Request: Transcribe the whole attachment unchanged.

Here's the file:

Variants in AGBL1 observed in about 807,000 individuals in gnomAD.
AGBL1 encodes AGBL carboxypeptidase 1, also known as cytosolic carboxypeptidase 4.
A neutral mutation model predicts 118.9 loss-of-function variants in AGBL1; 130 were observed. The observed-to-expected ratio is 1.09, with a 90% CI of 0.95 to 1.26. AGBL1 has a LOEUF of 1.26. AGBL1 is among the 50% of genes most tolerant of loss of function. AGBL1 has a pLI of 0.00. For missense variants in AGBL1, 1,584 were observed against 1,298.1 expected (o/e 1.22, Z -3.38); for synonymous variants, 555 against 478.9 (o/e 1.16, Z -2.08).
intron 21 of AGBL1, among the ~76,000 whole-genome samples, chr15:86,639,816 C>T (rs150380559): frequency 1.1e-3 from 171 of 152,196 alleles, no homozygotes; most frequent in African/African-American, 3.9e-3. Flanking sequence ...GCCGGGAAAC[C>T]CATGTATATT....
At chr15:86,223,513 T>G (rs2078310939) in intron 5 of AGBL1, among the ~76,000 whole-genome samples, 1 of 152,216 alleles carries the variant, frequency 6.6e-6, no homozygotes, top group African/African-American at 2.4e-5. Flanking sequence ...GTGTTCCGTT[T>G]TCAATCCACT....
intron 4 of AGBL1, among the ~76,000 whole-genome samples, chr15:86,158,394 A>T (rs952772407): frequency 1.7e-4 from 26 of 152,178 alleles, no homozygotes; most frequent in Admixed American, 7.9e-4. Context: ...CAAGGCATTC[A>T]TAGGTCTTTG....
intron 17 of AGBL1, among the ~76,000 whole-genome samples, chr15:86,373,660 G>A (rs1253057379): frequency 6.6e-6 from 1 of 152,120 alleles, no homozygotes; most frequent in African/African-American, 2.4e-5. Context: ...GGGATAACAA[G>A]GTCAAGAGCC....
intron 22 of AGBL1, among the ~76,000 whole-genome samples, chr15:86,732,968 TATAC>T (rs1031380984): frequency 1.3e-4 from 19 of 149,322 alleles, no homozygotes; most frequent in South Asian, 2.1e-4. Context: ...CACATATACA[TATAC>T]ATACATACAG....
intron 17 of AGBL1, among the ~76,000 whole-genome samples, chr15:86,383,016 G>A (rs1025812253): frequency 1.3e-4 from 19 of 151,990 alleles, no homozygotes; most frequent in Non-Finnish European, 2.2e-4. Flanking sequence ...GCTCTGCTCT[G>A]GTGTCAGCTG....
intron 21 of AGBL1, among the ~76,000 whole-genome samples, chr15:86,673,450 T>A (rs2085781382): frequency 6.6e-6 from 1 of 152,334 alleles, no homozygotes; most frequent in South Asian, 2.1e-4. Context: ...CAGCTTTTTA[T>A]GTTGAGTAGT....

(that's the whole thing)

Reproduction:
Variants in AGBL1 observed in about 807,000 individuals in gnomAD.
AGBL1 encodes AGBL carboxypeptidase 1, also known as cytosolic carboxypeptidase 4.
A neutral mutation model predicts 118.9 loss-of-function variants in AGBL1; 130 were observed. The observed-to-expected ratio is 1.09, with a 90% CI of 0.95 to 1.26. AGBL1 has a LOEUF of 1.26. AGBL1 is among the 50% of genes most tolerant of loss of function. AGBL1 has a pLI of 0.00. For missense variants in AGBL1, 1,584 were observed against 1,298.1 expected (o/e 1.22, Z -3.38); for synonymous variants, 555 against 478.9 (o/e 1.16, Z -2.08).
intron 21 of AGBL1, among the ~76,000 whole-genome samples, chr15:86,639,816 C>T (rs150380559): frequency 1.1e-3 from 171 of 152,196 alleles, no homozygotes; most frequent in African/African-American, 3.9e-3. Flanking sequence ...GCCGGGAAAC[C>T]CATGTATATT....
At chr15:86,223,513 T>G (rs2078310939) in intron 5 of AGBL1, among the ~76,000 whole-genome samples, 1 of 152,216 alleles carries the variant, frequency 6.6e-6, no homozygotes, top group African/African-American at 2.4e-5. Flanking sequence ...GTGTTCCGTT[T>G]TCAATCCACT....
intron 4 of AGBL1, among the ~76,000 whole-genome samples, chr15:86,158,394 A>T (rs952772407): frequency 1.7e-4 from 26 of 152,178 alleles, no homozygotes; most frequent in Admixed American, 7.9e-4. Context: ...CAAGGCATTC[A>T]TAGGTCTTTG....
intron 17 of AGBL1, among the ~76,000 whole-genome samples, chr15:86,373,660 G>A (rs1253057379): frequency 6.6e-6 from 1 of 152,120 alleles, no homozygotes; most frequent in African/African-American, 2.4e-5. Context: ...GGGATAACAA[G>A]GTCAAGAGCC....
intron 22 of AGBL1, among the ~76,000 whole-genome samples, chr15:86,732,968 TATAC>T (rs1031380984): frequency 1.3e-4 from 19 of 149,322 alleles, no homozygotes; most frequent in South Asian, 2.1e-4. Context: ...CACATATACA[TATAC>T]ATACATACAG....
intron 17 of AGBL1, among the ~76,000 whole-genome samples, chr15:86,383,016 G>A (rs1025812253): frequency 1.3e-4 from 19 of 151,990 alleles, no homozygotes; most frequent in Non-Finnish European, 2.2e-4. Flanking sequence ...GCTCTGCTCT[G>A]GTGTCAGCTG....
intron 21 of AGBL1, among the ~76,000 whole-genome samples, chr15:86,673,450 T>A (rs2085781382): frequency 6.6e-6 from 1 of 152,334 alleles, no homozygotes; most frequent in South Asian, 2.1e-4. Context: ...CAGCTTTTTA[T>A]GTTGAGTAGT....